THE Chief Constable of Avon and Somerset Constabulary has been suspended following allegations he acted inappropriately towards female staff.

Nick Gargan has been suspended from his job after a number of serious allegations came to light.

An investigation by the Independent Police Complaints Commission (IPCC) will now be carried out.

Avon and Somerset Police and Crime Commissioner Sue Mountstevens said in a statement this afternoon: "Following a number of serious allegations of inappropriate behaviour towards female officers and staff by the Chief Constable Nick Gargan, I have decided to refer the matter to the Independent Police Complaints Commission (IPCC) who will now conduct an independent investigation.

"Due to the public interest in the case and to protect the integrity of the investigation I have decided to suspend the Chief Constable while the independent investigation is carried out.”

She added: “Deputy Chief Constable John Long will act up temporarily as Chief Constable and all officers and staff have been informed of this decision.
"I would like to assure the communities of Avon and Somerset that the Constabulary remains a high performing force. Both police officers and staff are committed to ensuring the area remains a safe place to live, work and visit."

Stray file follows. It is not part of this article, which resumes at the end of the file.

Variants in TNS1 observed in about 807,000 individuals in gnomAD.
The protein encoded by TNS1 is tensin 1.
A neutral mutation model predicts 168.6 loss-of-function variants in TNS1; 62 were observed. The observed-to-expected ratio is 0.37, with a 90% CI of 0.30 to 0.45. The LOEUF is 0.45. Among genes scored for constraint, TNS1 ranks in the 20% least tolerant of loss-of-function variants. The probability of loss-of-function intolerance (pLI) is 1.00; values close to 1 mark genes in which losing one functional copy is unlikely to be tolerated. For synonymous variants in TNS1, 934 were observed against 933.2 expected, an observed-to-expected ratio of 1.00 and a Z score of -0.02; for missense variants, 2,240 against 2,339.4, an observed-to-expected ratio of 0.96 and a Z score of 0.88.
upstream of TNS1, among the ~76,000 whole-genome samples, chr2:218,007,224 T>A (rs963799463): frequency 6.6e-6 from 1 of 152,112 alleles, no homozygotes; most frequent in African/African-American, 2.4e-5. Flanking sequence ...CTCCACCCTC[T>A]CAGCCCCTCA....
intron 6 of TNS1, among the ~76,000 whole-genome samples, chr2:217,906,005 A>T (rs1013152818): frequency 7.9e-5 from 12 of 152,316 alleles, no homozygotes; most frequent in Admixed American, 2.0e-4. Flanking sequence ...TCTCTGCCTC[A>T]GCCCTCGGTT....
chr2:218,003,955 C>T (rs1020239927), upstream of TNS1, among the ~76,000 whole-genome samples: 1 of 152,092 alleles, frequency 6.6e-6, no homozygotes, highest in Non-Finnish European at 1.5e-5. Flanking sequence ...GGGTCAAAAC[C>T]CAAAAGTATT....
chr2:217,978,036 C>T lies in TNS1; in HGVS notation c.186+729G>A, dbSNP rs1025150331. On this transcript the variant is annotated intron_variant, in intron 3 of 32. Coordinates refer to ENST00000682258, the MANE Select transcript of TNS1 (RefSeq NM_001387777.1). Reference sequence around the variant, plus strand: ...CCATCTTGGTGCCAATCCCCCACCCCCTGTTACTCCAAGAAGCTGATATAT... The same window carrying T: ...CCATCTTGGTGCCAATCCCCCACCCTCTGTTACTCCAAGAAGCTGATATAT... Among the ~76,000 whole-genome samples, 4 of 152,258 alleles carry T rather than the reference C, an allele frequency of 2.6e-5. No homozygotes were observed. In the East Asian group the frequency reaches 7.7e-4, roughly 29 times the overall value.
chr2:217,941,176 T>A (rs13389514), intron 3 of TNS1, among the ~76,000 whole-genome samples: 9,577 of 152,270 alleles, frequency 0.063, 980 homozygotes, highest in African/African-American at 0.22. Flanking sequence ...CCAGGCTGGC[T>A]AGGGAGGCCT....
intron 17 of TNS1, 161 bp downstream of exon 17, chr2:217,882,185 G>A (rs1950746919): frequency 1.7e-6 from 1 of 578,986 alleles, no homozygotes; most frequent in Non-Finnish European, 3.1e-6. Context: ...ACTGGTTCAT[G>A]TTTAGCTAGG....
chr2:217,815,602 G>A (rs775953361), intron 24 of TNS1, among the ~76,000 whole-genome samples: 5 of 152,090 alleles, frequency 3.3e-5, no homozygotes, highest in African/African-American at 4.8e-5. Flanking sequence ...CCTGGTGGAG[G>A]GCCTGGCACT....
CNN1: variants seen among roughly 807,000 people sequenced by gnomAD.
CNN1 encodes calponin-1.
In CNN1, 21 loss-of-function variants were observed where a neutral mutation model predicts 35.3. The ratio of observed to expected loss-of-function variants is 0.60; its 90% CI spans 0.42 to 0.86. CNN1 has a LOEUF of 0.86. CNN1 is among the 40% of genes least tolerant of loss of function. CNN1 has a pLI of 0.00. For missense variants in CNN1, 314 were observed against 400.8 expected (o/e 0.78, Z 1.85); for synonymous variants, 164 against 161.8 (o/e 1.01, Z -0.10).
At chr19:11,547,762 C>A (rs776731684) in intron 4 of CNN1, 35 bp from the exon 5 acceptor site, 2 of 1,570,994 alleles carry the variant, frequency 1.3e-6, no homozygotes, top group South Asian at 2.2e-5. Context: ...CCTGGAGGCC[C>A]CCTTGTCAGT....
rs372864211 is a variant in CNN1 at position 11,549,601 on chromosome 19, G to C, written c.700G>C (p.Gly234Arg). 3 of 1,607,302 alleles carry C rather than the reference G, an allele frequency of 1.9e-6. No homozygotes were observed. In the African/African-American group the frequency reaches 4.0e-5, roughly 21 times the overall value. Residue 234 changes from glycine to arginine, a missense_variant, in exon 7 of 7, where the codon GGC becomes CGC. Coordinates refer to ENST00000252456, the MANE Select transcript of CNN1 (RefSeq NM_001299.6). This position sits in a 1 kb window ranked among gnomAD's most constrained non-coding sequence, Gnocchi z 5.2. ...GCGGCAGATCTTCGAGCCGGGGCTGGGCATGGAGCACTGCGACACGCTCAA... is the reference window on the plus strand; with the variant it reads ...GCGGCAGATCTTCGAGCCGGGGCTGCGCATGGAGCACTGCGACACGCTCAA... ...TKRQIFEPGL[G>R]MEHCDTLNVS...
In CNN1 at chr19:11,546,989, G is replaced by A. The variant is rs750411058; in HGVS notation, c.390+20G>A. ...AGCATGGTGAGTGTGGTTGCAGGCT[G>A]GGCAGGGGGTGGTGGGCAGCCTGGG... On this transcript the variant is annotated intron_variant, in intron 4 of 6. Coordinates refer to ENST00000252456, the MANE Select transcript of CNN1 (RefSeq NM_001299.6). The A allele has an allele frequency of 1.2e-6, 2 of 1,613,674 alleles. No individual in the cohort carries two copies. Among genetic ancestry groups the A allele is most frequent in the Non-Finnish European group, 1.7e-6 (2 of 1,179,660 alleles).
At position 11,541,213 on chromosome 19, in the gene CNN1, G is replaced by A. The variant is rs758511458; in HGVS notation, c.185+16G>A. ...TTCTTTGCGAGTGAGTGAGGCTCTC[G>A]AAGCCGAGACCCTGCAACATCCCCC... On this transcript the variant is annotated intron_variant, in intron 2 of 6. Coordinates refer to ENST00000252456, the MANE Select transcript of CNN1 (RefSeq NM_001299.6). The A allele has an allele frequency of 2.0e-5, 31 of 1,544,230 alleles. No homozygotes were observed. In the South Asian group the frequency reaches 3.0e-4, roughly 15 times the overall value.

Just hours before the announcement, prominent Twitter user Mr Gargan had tweeted a message asking his 9,000 followers who should be invited as special guests to a police open day on June 15.

Selected by Ms Mountstevens in January last year, he took up his role at the force from the National Policing Improvement Agency (NPIA) in March 2013.

During his tenure Mr Gargan has been forced to defend the reputation of Bristol after the brutal case of murdered Bijan Ebrahimi who was mistaken for a paedophile. He has commended the efforts of the force during the Somerset Levels flooding earlier this year and last month hit out at politicians who condemned police leadership.

The 47-year-old started his policing career in 1988 with Leicestershire Constabulary. Following a range of uniform and detective roles he was seconded to the National Criminal Intelligence Service, based at the London bureau of Interpol and then the British Embassy in Paris, where he worked on the high profile investigation into the deaths of Princess Diana and Dodi Al Fayed.

On his return he took on a variety of roles before transferring to Thames Valley Police in 2006 as Assistant Chief Constable. In 2010 he moved to the NPIA.

He was awarded the Queen’s Police Medal in the 2012 New Year’s Honours list.